5: Swimming After LASIK.

During the early stages of your LASIK recovery, it’s important to avoid swimming and other water-related activities that could increase the risk of contaminated water getting in your eyes and causing an infection.

Different LASIK surgeons may have different recommendations about when you can resume swimming and other water activities during your LASIK recovery. Ask your LASIK surgeon when it is safe for you to resume swimming and other activities during your post-op exams.

6: LASIK Recovery Tips: How To Help Your Eyes Heal After LASIK

The most important thing you can do to facilitate the LASIK recovery is to closely follow the post-op instructions given to you by your LASIK surgeon. Use all medications as directed for the time specified, even if you have no vision problems or discomfort symptoms.

Your eyes may feel dry after LASIK. Your surgeon may recommend sterile, non-preserved artificial tears very frequently in the early stages of your LASIK recovery to keep your eyes moist and comfortable and help the healing process.

Avoid rubbing your eyes or exposing your eyes to dust, wind and cigarette smoke. Wear comfortable wrap-style sunglasses outdoors to shield your eyes from dust, wind and UV rays. Also, wear protective safety glasses or sports goggles when performing any activities that could increase your risk of eye injuries. Finally, if you have any unusual eye or vision symptoms during your LASIK recovery, call your eye doctor immediately for advice.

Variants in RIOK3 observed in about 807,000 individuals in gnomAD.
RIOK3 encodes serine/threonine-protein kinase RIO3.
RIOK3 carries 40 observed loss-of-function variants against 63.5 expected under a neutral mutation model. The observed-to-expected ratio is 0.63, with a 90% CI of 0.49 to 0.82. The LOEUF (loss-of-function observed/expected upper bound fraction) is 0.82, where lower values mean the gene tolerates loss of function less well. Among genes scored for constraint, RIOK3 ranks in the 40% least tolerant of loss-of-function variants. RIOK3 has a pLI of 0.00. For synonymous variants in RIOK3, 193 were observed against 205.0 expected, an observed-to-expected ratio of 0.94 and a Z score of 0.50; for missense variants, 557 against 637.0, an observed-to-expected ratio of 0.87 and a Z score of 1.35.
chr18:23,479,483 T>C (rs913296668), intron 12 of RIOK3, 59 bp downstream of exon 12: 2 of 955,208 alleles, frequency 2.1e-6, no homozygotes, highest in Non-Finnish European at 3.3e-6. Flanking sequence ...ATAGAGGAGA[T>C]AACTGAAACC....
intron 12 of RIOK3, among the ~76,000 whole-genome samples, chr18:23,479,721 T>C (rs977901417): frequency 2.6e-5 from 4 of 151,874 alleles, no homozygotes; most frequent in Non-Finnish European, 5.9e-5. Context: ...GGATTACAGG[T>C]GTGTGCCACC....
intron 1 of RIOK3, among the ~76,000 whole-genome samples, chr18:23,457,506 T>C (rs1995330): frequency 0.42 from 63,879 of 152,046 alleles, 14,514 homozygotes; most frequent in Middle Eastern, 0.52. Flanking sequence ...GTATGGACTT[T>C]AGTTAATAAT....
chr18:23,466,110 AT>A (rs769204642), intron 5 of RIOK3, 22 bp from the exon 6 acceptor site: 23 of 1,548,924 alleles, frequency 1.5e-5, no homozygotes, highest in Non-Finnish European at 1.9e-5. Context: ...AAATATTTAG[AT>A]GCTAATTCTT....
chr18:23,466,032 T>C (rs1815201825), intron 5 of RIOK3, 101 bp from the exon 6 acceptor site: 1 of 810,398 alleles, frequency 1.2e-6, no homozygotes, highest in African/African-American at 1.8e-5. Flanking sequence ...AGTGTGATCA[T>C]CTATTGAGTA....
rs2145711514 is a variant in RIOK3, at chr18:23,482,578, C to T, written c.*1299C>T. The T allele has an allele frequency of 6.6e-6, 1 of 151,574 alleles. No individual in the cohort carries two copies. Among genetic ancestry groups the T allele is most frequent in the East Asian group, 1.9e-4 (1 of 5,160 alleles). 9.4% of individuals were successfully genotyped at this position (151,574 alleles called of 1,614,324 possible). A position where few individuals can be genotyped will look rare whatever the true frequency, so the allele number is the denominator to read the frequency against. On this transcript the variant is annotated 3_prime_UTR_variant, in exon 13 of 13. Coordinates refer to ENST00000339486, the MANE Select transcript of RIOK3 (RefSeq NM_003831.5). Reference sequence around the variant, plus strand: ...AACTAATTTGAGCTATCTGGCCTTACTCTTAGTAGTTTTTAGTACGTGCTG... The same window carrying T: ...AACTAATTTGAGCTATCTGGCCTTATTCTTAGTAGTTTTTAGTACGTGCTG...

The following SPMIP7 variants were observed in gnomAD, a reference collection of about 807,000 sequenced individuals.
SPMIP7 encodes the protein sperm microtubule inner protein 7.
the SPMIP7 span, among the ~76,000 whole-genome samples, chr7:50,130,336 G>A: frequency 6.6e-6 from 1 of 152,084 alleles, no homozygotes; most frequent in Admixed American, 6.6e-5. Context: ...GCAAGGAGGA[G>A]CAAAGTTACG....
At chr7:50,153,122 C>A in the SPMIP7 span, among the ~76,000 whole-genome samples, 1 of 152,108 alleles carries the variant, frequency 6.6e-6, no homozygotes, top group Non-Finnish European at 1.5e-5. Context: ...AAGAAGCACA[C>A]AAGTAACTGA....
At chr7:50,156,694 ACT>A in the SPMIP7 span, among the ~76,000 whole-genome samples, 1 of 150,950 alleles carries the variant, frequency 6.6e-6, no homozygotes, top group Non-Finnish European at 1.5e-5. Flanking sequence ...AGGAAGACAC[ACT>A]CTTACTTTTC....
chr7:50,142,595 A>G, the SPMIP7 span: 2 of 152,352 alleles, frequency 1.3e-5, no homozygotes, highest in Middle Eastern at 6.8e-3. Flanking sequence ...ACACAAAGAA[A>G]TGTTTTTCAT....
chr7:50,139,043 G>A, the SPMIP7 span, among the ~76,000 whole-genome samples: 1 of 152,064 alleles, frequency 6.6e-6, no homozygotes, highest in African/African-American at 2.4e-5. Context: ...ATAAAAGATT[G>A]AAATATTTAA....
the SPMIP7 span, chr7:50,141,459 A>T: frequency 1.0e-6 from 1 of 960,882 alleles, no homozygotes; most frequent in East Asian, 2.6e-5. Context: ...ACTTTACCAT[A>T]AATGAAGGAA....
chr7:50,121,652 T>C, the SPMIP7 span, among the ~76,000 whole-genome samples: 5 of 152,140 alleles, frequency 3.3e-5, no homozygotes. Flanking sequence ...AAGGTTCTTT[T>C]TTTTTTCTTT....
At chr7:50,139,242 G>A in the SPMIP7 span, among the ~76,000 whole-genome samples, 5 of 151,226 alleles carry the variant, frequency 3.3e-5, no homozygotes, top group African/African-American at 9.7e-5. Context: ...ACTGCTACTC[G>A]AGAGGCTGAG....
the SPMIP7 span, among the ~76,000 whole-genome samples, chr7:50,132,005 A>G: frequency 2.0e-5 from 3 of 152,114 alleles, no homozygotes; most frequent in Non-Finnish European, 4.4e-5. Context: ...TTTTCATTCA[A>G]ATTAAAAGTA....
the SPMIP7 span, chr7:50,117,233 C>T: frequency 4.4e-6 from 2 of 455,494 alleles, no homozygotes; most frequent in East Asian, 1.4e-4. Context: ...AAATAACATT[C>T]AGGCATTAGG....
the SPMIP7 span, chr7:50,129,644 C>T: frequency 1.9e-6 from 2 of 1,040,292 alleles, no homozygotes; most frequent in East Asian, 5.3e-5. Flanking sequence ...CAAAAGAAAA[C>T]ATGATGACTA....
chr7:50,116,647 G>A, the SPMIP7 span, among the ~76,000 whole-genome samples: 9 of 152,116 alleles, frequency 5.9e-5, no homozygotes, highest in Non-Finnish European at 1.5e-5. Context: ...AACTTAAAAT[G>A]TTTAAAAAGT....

7: LASIK Risks And Benefits: Making An Informed Decision.

The benefits of LASIK surgery are clear, functional vision that may eliminate or reduce dependence on eyeglasses or contact lenses. But like any medical or surgical procedure, LASIK has associated risks and potential complications. Here are some LASIK complications cited by the U.S. Food and Drug Administration, which oversees the safety of LASIK in the United States:

  • Some patients experience reduced visual acuity. Some LASIK patients lose the ability to see some of the small letters near the bottom of an eye chart after LASIK surgery, even with the help of glasses or contact lenses.
  • Some patients develop debilitating visual symptoms. Some LASIK patients experience glare, halos, and/or ghost images that can seriously affect vision.
  • Some patients do not see as well in situations of low contrast, such as at night or in fog, after LASIK, compared with their vision with glasses or contact lenses before LASIK.
  • Some people are under-treated or over-treated. Most LASIK patients can see 20/20 without glasses or contacts after surgery, but some may require an additional care due to an under-correction or over-correction of their vision.
  • Some people develop severe dry eye syndrome. Some LASIK patients are unable to produce enough tears to keep their eyes moist and comfortable after surgery. Dry eyes are uncomfortable, can cause redness, and can cause intermittent blurry vision and other symptoms. These symptoms can be permanent, even with frequent use of artificial tears and other dry eye treatments.
  • For some farsighted patients, results may diminish with age. The level of improved vision after LASIK surgery may decrease _with age.
  • Long-term data are not available. The safety and effectiveness of LASIK surgery over the long-term is not known.

Before deciding whether to have vision correction surgery, you should carefully weigh the risks and benefits of LASIK to decide if the procedure is right for you. Your LASIK surgeon can give you more specific information about your particular risks during your LASIK consultation.

8: Why Do Some Other Places Advertise Such A Low Price For LASIK?

Many places advertise and unbelievably low price for LASIK. This is usually a to get you into the office, spend your time having the evaluation, then most are told they don’t qualify for the low price. Their low price is based on a very small glasses prescription. So small in fact that many people with that prescription can see well enough to pass a driver’s test with no glasses. As your prescription goes up, their cost for LASIK goes up! Most people end up paying the usual and customary LASIK fees and not the low advertised price.